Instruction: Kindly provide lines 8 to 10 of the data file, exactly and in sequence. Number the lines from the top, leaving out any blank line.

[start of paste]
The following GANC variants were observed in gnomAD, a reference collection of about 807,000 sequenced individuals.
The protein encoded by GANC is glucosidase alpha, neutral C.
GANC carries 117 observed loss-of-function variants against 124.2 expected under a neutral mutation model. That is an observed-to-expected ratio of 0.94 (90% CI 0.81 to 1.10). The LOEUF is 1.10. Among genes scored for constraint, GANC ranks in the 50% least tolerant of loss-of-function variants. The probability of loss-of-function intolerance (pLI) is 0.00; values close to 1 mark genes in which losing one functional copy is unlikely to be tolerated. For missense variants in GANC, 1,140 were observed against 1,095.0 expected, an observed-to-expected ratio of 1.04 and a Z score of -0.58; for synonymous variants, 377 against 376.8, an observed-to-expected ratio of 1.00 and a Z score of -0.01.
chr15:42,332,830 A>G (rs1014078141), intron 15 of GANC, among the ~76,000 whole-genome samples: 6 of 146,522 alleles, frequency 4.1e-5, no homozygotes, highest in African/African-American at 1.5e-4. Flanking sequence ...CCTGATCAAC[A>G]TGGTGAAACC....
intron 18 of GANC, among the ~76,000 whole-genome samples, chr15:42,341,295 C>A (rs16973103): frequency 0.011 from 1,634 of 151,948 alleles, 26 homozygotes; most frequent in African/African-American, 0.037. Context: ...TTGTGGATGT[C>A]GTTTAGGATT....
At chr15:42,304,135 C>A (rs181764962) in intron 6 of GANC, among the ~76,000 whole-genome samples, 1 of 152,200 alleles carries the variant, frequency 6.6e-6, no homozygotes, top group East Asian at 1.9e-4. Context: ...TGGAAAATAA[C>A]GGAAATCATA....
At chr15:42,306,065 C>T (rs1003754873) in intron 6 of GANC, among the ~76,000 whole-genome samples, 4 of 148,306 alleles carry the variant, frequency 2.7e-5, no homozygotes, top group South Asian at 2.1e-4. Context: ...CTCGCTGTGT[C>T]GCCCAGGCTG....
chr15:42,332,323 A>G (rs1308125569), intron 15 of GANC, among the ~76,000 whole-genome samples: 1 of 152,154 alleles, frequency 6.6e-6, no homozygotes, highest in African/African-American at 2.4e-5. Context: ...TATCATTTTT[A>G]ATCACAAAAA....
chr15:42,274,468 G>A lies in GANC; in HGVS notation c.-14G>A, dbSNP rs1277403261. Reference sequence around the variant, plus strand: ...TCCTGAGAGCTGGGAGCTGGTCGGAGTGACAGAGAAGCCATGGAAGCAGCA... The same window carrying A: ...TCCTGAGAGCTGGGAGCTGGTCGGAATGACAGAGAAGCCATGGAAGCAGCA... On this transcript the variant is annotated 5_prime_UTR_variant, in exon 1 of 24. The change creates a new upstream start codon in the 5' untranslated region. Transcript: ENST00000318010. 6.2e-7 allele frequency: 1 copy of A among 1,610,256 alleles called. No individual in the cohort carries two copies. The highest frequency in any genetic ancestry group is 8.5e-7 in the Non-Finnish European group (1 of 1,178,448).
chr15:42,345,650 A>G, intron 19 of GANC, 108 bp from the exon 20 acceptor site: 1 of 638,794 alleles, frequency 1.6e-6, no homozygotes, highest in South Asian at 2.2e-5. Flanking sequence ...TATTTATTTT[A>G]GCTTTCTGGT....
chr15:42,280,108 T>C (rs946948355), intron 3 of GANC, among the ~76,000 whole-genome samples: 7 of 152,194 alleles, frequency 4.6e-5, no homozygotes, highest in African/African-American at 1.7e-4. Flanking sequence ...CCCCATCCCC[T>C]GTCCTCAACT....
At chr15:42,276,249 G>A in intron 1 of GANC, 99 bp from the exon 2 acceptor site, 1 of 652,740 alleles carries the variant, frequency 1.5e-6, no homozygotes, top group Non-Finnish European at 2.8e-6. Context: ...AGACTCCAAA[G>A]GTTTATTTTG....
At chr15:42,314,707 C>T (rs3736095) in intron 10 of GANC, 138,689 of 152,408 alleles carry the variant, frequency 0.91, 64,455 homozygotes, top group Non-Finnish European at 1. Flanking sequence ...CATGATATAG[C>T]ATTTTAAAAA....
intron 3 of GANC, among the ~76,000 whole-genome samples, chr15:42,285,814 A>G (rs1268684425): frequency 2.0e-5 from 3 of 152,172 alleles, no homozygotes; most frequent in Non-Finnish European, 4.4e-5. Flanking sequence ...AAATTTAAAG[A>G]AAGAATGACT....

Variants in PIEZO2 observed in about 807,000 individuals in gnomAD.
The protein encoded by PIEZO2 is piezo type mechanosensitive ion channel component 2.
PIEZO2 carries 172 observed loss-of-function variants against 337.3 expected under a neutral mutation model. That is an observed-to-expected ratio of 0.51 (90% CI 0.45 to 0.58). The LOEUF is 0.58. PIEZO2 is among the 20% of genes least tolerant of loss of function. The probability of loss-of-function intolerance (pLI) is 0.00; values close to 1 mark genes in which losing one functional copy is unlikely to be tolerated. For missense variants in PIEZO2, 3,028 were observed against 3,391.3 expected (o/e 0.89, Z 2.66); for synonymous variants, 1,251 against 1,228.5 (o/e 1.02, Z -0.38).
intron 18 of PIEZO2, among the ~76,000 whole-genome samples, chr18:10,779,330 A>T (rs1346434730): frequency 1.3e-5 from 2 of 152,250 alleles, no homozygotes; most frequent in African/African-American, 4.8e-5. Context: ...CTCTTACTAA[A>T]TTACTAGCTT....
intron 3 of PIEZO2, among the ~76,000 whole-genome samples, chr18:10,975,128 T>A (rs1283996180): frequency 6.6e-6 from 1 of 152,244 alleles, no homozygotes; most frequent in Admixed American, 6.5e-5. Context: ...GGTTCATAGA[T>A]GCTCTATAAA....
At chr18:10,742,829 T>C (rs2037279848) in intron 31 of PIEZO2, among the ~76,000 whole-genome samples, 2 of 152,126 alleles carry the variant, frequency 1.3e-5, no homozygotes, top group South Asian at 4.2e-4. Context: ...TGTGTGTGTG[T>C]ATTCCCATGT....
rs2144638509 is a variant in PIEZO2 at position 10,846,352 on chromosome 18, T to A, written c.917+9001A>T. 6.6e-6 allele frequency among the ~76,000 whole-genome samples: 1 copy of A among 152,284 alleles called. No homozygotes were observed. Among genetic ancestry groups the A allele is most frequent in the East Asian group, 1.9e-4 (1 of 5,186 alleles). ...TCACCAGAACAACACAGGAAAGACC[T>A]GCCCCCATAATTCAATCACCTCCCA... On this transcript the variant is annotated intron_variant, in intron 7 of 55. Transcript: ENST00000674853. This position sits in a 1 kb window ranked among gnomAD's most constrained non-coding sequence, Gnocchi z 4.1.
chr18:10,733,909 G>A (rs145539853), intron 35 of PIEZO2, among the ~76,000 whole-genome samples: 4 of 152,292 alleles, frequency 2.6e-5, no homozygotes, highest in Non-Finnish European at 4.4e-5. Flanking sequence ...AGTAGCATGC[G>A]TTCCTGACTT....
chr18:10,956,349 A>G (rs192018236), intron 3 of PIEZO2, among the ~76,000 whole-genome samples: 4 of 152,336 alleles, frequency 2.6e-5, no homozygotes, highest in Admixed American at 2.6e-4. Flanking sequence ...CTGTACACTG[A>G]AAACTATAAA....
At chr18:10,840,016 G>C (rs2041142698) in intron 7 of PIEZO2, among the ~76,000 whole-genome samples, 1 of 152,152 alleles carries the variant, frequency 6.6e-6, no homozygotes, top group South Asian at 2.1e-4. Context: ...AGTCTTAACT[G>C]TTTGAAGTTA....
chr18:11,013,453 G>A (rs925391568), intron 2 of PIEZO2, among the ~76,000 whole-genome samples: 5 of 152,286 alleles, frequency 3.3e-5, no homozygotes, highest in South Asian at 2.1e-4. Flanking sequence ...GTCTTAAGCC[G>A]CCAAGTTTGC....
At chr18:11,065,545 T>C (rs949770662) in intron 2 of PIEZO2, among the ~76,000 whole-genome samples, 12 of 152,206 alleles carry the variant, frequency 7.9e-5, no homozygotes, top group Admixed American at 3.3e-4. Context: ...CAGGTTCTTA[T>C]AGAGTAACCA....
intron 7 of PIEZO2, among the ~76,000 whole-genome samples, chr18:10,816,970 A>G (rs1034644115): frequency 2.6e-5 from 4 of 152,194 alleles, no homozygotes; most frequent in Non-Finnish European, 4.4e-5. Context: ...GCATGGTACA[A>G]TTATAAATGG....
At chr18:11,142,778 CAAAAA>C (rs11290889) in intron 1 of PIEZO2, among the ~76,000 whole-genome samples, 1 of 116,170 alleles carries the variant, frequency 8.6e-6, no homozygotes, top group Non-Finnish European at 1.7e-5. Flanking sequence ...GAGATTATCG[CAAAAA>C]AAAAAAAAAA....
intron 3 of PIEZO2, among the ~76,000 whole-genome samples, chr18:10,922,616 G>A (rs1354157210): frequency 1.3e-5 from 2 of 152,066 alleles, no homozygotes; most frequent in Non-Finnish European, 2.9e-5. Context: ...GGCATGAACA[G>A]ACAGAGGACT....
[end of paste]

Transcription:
chr15:42,332,323 A>G (rs1308125569), intron 15 of GANC, among the ~76,000 whole-genome samples: 1 of 152,154 alleles, frequency 6.6e-6, no homozygotes, highest in African/African-American at 2.4e-5. Context: ...TATCATTTTT[A>G]ATCACAAAAA....
chr15:42,274,468 G>A lies in GANC; in HGVS notation c.-14G>A, dbSNP rs1277403261. Reference sequence around the variant, plus strand: ...TCCTGAGAGCTGGGAGCTGGTCGGAGTGACAGAGAAGCCATGGAAGCAGCA... The same window carrying A: ...TCCTGAGAGCTGGGAGCTGGTCGGAATGACAGAGAAGCCATGGAAGCAGCA... On this transcript the variant is annotated 5_prime_UTR_variant, in exon 1 of 24. The change creates a new upstream start codon in the 5' untranslated region. Transcript: ENST00000318010. 6.2e-7 allele frequency: 1 copy of A among 1,610,256 alleles called. No individual in the cohort carries two copies. The highest frequency in any genetic ancestry group is 8.5e-7 in the Non-Finnish European group (1 of 1,178,448).
chr15:42,345,650 A>G, intron 19 of GANC, 108 bp from the exon 20 acceptor site: 1 of 638,794 alleles, frequency 1.6e-6, no homozygotes, highest in South Asian at 2.2e-5. Flanking sequence ...TATTTATTTT[A>G]GCTTTCTGGT....